Saturday, April 6, 2013
Why is it if you ask people to give you money on Kickstarter, it's (relatively) respected, but if you ask people to give you money on the street, that's called "panhandling"? I know what you'll say: "those bums are just going to spend that money on booze and drugs!" I'm sure some of them will. But hey, who's to say Kickstarter recipients aren't just snorting away the money people are giving them as well? Since donors are not really stakeholders in a Kickstarter transaction, is there really much accountability for the managers of crowd-funded projects to do what they say they are going to do with the money?
I'm not telling you, I'm asking you: Other than the little gifts and perks of donation that exchange hands, what's the difference between financing with Kickstarter and begging? Maybe there is a big difference, and I'm just not seeing it yet. Until then I won't understand why it's considered OK for a group of movie producers to beg for donations to finance a film adaptation of a cult TV show, for example, but not OK for a homeless man to seek the crowdfunding of passers by, to finance his own survival.
Really, both activities are OK by me. Desperate, worthy people often need to beg. And desperate, worthy indie projects may need to beg as well. But I still see no difference between the two methods of financing. Those aforementioned movie producers, in bypassing traditional methods of finance, are begging. And homeless people asking for donations on the street are just crowdfunding.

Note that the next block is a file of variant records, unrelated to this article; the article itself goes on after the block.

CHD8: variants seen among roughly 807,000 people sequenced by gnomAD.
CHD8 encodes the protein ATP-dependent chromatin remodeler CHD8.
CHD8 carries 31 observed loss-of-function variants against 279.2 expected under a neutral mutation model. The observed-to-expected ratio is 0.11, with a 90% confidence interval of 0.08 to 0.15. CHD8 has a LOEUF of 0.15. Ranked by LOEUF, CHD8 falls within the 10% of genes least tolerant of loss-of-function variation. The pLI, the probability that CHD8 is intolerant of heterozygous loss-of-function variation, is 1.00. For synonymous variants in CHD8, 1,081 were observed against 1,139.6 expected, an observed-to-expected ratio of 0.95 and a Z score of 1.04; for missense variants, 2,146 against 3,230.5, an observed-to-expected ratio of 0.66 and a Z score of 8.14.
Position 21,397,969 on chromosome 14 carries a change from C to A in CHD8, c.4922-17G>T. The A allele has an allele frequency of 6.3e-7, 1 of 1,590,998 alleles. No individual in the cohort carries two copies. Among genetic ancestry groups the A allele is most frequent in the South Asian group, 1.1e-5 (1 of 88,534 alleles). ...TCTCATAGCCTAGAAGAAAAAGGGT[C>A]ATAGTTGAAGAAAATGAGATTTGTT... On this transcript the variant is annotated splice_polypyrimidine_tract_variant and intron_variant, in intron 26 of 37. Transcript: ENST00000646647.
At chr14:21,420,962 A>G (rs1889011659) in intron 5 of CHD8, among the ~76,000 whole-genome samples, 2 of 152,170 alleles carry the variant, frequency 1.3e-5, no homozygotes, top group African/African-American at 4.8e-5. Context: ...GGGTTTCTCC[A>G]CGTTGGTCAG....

But, there is one major difference between the two situations. When you donate to a homeless person, that person gets 100% of the donation. Donate to a Kickstarter campaign and between 3% and 5% of it will go to Kickstarter itself, to pay for things like web servers to keep the site going, or maybe just mansions and yachts for the owners. Yes, Kickstarter is a for profit company. So while you may find yourself donating to a worthy project on the site, just out of the kindness of your heart, remember that up to 5% of that donation is going straight into Kickstarter's coffers.